But literary resolutions constitute hypocrisy if we fail to follow them with appropriate action. Recently, Whitfield outlined five systemic factors behind the cultural practices that foster acts of abuse. These systemic factors painfully confirm to our consciences that we have not yet honored “the full dignity of every human being.” Our family of churches must address these factors in part by creating significant mechanisms to help prevent abuse within our churches and denominational entities.
We believe one should address problems through suggesting workable solutions for our churches and our cooperative structures. Therefore, we propose herein to change aspects of our cooperative structures. We do not offer these as a complete plan but as potential pieces of a cooperative effort to reshape the culture of our convention. In fact, there are two important additional recommendations that are not addressed below yet must be addressed at some point: (1) the responsibility of our seminaries to revoke degrees when one of our alumni has been either formally convicted or credibly accused of sexual abuse and (2) the responsibility of churches who have the duty of ordaining and disciplining pastors to revoke ordination when an ordained pastor has been convicted or credibly accused of sexual abuse.
For now, to help our family of churches live out our stated resolutions, we propose the following four-point plan.
1) We must leverage our autonomy to call our churches into a covenant of protecting the vulnerable.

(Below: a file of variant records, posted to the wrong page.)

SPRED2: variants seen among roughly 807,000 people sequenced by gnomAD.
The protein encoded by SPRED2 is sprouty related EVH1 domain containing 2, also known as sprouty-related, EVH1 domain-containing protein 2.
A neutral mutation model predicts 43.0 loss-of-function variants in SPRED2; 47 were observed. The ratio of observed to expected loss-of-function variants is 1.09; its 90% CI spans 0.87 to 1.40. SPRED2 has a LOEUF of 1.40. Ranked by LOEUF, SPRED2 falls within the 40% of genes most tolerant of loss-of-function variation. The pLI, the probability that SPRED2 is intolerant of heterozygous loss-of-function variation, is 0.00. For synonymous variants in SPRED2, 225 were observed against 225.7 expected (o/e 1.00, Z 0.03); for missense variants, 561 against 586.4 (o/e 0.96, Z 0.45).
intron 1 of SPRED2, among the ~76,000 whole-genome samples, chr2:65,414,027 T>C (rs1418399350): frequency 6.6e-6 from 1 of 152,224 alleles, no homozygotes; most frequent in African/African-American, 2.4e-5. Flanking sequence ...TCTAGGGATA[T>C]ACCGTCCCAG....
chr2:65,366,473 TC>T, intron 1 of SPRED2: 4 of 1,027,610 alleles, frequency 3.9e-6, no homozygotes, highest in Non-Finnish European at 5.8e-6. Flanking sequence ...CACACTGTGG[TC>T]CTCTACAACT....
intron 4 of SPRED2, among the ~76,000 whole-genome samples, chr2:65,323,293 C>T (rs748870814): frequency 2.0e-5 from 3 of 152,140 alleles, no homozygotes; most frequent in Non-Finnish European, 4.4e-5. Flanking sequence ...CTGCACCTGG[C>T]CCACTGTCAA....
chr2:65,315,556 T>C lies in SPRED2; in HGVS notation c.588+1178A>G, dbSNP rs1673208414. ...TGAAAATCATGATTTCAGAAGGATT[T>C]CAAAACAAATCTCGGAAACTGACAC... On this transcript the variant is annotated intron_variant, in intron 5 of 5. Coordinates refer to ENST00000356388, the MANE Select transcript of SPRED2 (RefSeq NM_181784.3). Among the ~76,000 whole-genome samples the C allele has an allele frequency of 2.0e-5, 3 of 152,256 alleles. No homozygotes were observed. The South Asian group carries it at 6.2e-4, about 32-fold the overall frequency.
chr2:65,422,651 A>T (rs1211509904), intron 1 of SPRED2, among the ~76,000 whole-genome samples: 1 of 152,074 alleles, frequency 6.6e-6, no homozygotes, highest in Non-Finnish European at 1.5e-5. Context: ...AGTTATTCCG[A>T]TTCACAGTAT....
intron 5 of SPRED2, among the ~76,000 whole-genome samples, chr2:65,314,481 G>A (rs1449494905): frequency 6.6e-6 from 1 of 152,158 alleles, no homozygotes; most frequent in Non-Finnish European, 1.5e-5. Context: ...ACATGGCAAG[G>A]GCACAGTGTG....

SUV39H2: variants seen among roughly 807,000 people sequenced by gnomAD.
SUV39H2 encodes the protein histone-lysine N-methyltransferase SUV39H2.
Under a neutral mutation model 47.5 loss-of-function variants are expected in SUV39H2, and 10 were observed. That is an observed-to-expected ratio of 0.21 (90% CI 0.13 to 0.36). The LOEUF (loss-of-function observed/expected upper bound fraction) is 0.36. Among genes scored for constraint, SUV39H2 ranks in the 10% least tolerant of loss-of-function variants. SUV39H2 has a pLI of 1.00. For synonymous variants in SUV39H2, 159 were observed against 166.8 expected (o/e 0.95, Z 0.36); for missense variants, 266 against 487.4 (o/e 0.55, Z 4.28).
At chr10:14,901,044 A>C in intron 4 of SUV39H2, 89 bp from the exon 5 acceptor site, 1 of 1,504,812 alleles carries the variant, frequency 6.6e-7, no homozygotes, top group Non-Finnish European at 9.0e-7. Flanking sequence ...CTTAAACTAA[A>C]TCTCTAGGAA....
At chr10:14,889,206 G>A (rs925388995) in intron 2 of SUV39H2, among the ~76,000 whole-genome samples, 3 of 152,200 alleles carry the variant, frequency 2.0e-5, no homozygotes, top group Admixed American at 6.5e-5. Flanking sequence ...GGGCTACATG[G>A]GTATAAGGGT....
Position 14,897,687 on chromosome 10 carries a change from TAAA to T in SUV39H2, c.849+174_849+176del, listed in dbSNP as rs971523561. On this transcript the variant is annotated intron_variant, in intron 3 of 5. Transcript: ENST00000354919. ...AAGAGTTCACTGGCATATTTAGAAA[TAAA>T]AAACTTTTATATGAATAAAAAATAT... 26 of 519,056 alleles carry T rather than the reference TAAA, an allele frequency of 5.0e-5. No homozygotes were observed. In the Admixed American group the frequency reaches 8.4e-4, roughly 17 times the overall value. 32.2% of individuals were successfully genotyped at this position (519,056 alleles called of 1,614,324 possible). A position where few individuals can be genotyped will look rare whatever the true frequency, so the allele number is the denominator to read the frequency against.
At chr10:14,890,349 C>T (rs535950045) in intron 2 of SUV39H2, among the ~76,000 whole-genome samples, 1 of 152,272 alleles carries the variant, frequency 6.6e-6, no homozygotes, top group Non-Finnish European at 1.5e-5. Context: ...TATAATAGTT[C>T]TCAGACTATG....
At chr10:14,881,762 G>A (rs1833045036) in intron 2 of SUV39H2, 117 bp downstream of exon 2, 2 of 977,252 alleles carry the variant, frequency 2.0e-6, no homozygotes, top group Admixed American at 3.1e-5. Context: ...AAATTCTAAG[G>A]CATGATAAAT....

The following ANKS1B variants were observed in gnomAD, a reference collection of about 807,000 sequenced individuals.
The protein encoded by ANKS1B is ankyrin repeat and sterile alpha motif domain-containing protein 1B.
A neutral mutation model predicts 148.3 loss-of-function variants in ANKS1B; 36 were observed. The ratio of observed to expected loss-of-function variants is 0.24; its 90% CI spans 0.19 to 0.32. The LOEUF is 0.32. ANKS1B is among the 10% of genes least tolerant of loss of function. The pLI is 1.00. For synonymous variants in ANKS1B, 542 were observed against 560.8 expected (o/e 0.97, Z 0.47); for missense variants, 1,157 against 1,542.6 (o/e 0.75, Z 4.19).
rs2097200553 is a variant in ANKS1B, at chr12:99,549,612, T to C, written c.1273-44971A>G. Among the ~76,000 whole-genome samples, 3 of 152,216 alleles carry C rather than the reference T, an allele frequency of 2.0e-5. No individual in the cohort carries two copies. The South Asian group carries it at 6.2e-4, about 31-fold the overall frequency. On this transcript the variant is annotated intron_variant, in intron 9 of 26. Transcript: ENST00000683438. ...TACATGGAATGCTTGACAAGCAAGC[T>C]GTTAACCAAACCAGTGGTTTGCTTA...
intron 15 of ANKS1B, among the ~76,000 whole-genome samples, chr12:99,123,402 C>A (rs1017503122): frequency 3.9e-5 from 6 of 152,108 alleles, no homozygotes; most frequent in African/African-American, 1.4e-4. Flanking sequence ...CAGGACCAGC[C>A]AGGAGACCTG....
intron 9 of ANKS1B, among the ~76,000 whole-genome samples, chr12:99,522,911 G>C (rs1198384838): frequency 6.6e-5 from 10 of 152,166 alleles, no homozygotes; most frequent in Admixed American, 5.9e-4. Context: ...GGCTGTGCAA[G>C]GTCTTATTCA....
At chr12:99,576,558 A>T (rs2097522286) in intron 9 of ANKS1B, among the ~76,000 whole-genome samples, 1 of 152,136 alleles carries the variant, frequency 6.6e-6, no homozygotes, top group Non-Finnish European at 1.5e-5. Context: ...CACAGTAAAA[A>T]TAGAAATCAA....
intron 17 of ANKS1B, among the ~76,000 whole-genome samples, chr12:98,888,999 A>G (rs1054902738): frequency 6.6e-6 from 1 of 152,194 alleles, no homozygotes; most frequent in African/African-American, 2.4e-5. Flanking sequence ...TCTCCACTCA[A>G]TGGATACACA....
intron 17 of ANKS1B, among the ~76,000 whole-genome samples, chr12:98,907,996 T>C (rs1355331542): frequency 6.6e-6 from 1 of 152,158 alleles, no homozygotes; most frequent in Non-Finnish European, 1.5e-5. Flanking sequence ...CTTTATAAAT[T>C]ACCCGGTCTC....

We believe our churches should voluntarily covenant with one another to protect those who are vulnerable to abuse, and our entities should be asked (if not required) to participate in this covenant as well. Such a covenant must include the provision of both resources and training to remain current in the best practices for preventing abuse, reporting abuse and caring for the abused, as well as appropriate forms of cooperative assistance for referring leaders, recruiting leaders, removing leaders and reporting leaders to an offender’s database. The covenant should call churches and entities to commit to following these best practices, to report crimes immediately to the appropriate magistrates and to seek professional consultation when difficult situations arise.
Those who participate in the covenant of protecting the vulnerable will be listed on a registry of participating churches, convention entities and ministers who have voluntarily fulfilled the proper training, who faithfully follow strict standards and policies, and who continually remain accountable to this covenant. In addition to the registry, those who are fulfilling this covenant would be provided a compliance certification, with an official seal to place on their website, promotional materials and campus signage. This human-honoring and family-friendly certification would demonstrate that qualifying churches, entities and ministers remain in full compliance with standards for protecting and responding to situations of abuse.
Working examples for such a mechanism include the Evangelical Council for Financial Accountability, which helps evangelical ministries employ appropriate financial standards. We have a number of entities to which such a ministry might be assigned, including Guidestone, LifeWay or the Executive Committee. The assigned entity should handle oversight of the convention-wide certification process, but it must work in openness with both internal constituencies and appropriate third parties in order to maintain the authenticity of the process (see our third point below).
2) We must remove churches from our fellowship who have knowingly hired someone who has been convicted of, has admitted to, or has been credibly accused of sexual abuse.
We must make it unambiguously clear that if a church and/or its ministers demonstrate a disregard for protecting those under their care from abuse, then we will remove that church from partnership with the Southern Baptist Convention. While we should clarify our governing documents in order to make negligence in the treatment of sex abuse cases a reason for disfellowship, we must not delay taking appropriate actions of disfellowship in the meantime.